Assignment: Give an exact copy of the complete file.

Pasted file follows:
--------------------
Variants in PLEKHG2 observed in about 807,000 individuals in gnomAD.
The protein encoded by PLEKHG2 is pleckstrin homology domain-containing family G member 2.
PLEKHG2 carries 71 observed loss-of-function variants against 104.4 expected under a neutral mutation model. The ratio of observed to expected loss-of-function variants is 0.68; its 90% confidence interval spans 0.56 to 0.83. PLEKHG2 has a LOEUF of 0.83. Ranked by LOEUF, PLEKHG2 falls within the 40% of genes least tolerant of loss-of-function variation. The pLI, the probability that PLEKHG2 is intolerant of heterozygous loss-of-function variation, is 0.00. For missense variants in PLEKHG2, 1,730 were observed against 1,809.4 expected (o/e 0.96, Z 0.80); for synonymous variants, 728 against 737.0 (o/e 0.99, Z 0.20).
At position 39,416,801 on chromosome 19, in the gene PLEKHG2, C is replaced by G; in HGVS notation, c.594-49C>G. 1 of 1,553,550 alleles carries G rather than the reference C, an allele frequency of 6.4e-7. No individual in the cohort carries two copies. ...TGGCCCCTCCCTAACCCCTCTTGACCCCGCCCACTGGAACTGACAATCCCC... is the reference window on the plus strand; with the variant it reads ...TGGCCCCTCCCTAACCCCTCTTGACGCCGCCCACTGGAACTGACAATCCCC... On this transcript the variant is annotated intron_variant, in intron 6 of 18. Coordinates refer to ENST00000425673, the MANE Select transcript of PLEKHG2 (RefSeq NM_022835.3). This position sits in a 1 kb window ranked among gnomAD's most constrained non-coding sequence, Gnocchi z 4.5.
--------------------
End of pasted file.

Variants in PLEKHG2 observed in about 807,000 individuals in gnomAD.
The protein encoded by PLEKHG2 is pleckstrin homology domain-containing family G member 2.
PLEKHG2 carries 71 observed loss-of-function variants against 104.4 expected under a neutral mutation model. The ratio of observed to expected loss-of-function variants is 0.68; its 90% confidence interval spans 0.56 to 0.83. PLEKHG2 has a LOEUF of 0.83. Ranked by LOEUF, PLEKHG2 falls within the 40% of genes least tolerant of loss-of-function variation. The pLI, the probability that PLEKHG2 is intolerant of heterozygous loss-of-function variation, is 0.00. For missense variants in PLEKHG2, 1,730 were observed against 1,809.4 expected (o/e 0.96, Z 0.80); for synonymous variants, 728 against 737.0 (o/e 0.99, Z 0.20).
At position 39,416,801 on chromosome 19, in the gene PLEKHG2, C is replaced by G; in HGVS notation, c.594-49C>G. 1 of 1,553,550 alleles carries G rather than the reference C, an allele frequency of 6.4e-7. No individual in the cohort carries two copies. ...TGGCCCCTCCCTAACCCCTCTTGACCCCGCCCACTGGAACTGACAATCCCC... is the reference window on the plus strand; with the variant it reads ...TGGCCCCTCCCTAACCCCTCTTGACGCCGCCCACTGGAACTGACAATCCCC... On this transcript the variant is annotated intron_variant, in intron 6 of 18. Coordinates refer to ENST00000425673, the MANE Select transcript of PLEKHG2 (RefSeq NM_022835.3). This position sits in a 1 kb window ranked among gnomAD's most constrained non-coding sequence, Gnocchi z 4.5.